Since its inception, Katz Jewish Community Center’s Adult Meal Program has suffered a deficit. While it receives some federal money to help subsidize its programming, the money has never fully covered the cost of the programming. For that reason, in 2015, Katz JCC members were looking for new and creative ways to fundraise when they learned about online crowd-sourcing.
Thus, #JCCBubbesBrisket was born. “Bubbe,” or grandmother in Yiddish, and with a brisket evoking childhood memories for many in the JCC community, the campaign name became a way to pay homage to the recipes passed down from generation to generation. Katz has held this fundraiser every July since 2015, and this year, marks its most ambitious fundraiser to date with a goal of $30,000 to be raised by the end of July.
Marcy Weiner Lahav, Adult, Cultural & Judiac director, said the adult meal program costs upwards of $100,000 to run yearly. Anyone 60 years of age or older is eligible, and while they have a suggested donation of $3, no one is required to donate.
Camden County is the overseer for the program, and Katz is currently the largest congregate meal site in Camden County. On average, it serves between 1,200 and 1,300 meals a year. Weiner Lahav said their site costs more to operate because they have to follow the rules of kosher, and kosher food is typically more costly.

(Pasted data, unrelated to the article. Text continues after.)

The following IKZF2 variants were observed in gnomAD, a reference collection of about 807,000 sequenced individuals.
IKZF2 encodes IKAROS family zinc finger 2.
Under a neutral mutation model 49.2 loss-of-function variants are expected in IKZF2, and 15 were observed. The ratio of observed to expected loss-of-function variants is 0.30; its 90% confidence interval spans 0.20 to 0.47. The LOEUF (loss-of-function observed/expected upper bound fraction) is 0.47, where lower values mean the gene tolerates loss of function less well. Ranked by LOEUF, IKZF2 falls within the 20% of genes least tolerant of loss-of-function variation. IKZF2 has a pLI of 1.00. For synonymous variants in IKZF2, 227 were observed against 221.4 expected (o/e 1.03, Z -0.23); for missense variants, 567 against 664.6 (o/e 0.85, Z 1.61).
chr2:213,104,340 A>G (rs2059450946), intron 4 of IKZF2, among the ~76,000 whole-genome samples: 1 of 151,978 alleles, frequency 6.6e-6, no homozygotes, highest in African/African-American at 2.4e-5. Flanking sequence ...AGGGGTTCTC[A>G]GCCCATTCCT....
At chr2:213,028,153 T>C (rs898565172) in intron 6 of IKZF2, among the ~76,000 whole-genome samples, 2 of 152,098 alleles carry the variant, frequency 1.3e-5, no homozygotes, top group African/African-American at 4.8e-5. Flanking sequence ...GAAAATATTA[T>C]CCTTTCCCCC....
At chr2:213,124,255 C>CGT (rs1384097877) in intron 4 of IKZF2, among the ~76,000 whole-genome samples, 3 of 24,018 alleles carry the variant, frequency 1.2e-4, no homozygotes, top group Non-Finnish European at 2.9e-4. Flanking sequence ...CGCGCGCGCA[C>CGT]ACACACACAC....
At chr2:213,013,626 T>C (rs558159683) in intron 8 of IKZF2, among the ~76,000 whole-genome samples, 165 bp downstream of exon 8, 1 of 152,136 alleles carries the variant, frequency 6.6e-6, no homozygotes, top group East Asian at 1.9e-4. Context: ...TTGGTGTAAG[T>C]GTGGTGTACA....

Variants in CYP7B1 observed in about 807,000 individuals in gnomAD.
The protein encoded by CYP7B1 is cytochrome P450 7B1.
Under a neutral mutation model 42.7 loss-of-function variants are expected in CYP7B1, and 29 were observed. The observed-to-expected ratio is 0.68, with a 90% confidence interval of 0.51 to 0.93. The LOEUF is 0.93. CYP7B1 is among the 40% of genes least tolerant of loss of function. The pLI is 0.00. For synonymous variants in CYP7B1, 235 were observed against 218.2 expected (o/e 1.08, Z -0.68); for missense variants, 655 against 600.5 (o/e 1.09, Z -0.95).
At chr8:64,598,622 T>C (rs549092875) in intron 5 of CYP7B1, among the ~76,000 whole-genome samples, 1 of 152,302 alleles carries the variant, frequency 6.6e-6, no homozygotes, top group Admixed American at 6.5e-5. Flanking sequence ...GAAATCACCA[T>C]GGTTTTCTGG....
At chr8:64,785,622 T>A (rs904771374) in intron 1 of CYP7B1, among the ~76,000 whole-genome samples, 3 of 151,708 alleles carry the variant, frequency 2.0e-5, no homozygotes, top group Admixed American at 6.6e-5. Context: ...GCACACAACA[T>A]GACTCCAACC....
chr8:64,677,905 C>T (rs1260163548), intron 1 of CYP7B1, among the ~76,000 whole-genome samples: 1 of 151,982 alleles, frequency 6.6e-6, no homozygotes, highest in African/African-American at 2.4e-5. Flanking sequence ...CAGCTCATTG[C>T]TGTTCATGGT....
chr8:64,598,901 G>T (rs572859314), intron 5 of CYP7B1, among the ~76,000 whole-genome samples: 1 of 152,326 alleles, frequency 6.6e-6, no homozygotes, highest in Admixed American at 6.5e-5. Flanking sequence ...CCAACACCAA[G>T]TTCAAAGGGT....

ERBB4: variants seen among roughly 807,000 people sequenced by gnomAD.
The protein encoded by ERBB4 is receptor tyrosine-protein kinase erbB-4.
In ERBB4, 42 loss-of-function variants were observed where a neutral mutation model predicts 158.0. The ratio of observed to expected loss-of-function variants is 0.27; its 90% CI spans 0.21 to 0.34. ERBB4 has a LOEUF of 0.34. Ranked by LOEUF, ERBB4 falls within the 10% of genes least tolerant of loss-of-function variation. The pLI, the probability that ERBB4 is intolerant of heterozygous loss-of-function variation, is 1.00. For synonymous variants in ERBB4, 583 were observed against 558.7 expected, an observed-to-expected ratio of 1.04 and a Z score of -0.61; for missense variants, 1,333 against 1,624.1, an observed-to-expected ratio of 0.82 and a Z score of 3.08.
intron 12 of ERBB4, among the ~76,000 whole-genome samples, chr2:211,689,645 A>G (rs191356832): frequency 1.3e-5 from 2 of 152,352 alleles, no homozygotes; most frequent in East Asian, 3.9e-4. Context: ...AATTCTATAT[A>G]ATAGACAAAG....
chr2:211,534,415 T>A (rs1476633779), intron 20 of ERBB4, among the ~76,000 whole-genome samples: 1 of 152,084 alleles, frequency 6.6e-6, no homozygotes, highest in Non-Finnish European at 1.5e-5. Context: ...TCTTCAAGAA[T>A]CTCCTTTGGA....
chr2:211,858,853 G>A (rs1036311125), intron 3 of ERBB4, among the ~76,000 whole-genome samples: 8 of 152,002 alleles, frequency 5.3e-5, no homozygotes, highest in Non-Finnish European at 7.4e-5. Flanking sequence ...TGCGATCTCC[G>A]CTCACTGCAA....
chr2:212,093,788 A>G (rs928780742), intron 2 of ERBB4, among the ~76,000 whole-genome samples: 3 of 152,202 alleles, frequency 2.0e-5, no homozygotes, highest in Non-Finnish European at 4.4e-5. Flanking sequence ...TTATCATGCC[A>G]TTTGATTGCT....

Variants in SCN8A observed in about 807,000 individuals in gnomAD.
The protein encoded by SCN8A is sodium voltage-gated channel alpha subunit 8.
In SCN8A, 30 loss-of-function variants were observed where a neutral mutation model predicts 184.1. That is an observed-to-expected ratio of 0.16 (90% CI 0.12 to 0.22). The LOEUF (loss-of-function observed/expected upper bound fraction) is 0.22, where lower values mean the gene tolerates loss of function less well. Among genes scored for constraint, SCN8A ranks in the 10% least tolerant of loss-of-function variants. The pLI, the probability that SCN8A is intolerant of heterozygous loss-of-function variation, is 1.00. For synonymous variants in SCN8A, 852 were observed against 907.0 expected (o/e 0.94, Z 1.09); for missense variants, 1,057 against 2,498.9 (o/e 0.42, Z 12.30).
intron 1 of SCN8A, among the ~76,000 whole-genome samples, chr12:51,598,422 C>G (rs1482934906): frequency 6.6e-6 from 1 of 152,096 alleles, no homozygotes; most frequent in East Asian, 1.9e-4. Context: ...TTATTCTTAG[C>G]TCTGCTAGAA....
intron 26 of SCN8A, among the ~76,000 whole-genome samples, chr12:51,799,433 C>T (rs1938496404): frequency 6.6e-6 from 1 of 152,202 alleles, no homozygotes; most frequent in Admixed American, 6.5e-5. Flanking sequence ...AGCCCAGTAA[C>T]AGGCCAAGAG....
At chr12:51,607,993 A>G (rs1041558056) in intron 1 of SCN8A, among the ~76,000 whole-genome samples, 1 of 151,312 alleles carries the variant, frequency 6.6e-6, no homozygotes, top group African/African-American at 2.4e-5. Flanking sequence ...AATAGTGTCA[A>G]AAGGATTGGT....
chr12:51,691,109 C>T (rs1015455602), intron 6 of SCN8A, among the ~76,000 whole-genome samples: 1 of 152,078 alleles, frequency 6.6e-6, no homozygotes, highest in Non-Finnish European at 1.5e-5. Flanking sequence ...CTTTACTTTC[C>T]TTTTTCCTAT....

Their doors are open for lunch on Monday through Friday, and Weiner Lahav said there are people who have been coming in several days of the week for years. She said for some of them this may be their one cooked meal in a day. Their average Adult Meal Program participant is 82 years old, widowed and living alone.
Weiner Lahav said what may be even more important than the food is the socialization the seniors get during lunchtime. She said some have found themselves at a stage of life where they’re more isolated.
“Some find themselves alone, and this affords them the opportunity to be part of a family and eating with others,” Weiner Lahav said.
Seniors do not have to be Jewish, and the only two requirements are that participants at least 60 years old and a Camden County resident. She said the program is more than just a meal. She said they have activities before and after lunch, transport to and from the JCC and extensive adult learning programming.
The yearly deficit for the program is typically between $20,000 and $30,000, which is why Bubbe’s Brisket has become an annual fundraiser. On the Charidy crowdfunding platform, Katz has laid out the number of meals that each donation equates to, so that donors can comprehend just how their donation is impacting their seniors.
Additionally, this marks the first year that Katz is also fundraising in-person. On Wednesday, July 17, Katz will hold #JCCBubbesBrisket Day from 9 a.m. to 5 p.m., and staff and volunteers will be on hand accepting in-person donations. From 11 a.m. to 1 p.m., donors can meet the seniors benefitting from the fundraiser, and during this time, meal program participants will collect donations, provide samples of the meal program food and hand out recipe cards to donors.